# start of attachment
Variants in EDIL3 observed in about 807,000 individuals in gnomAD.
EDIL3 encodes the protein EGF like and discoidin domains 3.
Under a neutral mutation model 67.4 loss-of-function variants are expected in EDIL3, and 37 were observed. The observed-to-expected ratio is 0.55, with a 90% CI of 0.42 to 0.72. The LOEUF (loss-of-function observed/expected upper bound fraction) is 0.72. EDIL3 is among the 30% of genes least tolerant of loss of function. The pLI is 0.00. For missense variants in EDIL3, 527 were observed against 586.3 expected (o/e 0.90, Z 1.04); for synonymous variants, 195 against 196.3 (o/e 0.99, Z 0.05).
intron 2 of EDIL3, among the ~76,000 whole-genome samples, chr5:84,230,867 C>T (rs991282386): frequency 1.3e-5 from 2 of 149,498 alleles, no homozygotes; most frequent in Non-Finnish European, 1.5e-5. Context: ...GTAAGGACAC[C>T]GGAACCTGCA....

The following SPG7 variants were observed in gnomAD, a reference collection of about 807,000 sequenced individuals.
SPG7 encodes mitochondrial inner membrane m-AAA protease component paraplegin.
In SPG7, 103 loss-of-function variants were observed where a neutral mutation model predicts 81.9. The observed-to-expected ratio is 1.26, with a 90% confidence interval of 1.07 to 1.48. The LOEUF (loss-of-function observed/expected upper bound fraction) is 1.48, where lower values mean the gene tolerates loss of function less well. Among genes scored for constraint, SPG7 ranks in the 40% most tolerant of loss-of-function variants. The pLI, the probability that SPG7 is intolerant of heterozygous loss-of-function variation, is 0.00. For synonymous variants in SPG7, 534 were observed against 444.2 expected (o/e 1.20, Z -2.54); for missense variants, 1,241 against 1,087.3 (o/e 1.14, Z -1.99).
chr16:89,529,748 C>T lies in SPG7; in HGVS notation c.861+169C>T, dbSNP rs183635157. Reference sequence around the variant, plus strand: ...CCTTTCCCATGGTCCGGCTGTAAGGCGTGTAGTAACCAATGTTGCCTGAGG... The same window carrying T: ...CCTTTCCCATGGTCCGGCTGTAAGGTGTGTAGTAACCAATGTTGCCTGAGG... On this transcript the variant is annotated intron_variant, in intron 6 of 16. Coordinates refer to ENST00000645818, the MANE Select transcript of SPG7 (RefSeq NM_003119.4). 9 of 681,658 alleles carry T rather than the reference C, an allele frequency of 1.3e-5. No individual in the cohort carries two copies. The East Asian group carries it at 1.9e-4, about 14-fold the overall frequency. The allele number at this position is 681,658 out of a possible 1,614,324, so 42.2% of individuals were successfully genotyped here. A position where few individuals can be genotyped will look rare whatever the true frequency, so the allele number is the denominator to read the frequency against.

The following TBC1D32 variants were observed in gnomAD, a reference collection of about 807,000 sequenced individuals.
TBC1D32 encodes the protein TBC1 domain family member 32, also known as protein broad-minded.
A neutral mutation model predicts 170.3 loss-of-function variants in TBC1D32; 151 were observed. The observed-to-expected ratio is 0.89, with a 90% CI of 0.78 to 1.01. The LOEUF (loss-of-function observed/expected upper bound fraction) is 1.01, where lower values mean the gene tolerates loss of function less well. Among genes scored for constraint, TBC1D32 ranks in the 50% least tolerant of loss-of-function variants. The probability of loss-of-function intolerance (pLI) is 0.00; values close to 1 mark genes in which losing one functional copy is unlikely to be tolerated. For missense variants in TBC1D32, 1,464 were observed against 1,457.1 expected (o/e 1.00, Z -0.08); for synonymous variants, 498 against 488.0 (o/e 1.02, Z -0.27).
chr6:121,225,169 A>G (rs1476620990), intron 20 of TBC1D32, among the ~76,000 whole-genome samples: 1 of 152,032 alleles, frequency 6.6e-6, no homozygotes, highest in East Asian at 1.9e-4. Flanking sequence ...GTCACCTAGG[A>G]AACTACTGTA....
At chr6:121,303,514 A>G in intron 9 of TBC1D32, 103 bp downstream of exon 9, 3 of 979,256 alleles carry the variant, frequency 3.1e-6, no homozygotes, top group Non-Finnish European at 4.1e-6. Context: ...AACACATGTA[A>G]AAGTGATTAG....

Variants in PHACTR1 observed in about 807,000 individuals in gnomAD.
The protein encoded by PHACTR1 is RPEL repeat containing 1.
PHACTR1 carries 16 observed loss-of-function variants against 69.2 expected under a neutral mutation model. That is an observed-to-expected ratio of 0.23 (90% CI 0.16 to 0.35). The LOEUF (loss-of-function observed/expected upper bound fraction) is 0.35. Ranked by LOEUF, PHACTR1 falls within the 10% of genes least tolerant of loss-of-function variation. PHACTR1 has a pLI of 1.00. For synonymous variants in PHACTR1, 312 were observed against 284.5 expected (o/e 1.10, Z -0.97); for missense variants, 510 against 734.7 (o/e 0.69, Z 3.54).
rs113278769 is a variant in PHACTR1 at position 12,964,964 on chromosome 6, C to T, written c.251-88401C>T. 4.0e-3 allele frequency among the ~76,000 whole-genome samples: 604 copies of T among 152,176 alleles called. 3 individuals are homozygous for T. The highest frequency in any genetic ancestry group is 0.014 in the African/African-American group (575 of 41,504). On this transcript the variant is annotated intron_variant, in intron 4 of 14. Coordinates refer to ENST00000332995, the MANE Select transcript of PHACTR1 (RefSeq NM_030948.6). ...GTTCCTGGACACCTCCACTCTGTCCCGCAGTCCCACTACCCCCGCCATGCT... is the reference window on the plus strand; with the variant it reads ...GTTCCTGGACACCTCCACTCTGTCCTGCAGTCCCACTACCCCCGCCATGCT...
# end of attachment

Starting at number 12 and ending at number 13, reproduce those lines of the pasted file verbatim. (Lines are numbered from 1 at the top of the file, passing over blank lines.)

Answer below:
chr6:121,225,169 A>G (rs1476620990), intron 20 of TBC1D32, among the ~76,000 whole-genome samples: 1 of 152,032 alleles, frequency 6.6e-6, no homozygotes, highest in East Asian at 1.9e-4. Flanking sequence ...GTCACCTAGG[A>G]AACTACTGTA....
At chr6:121,303,514 A>G in intron 9 of TBC1D32, 103 bp downstream of exon 9, 3 of 979,256 alleles carry the variant, frequency 3.1e-6, no homozygotes, top group Non-Finnish European at 4.1e-6. Context: ...AACACATGTA[A>G]AAGTGATTAG....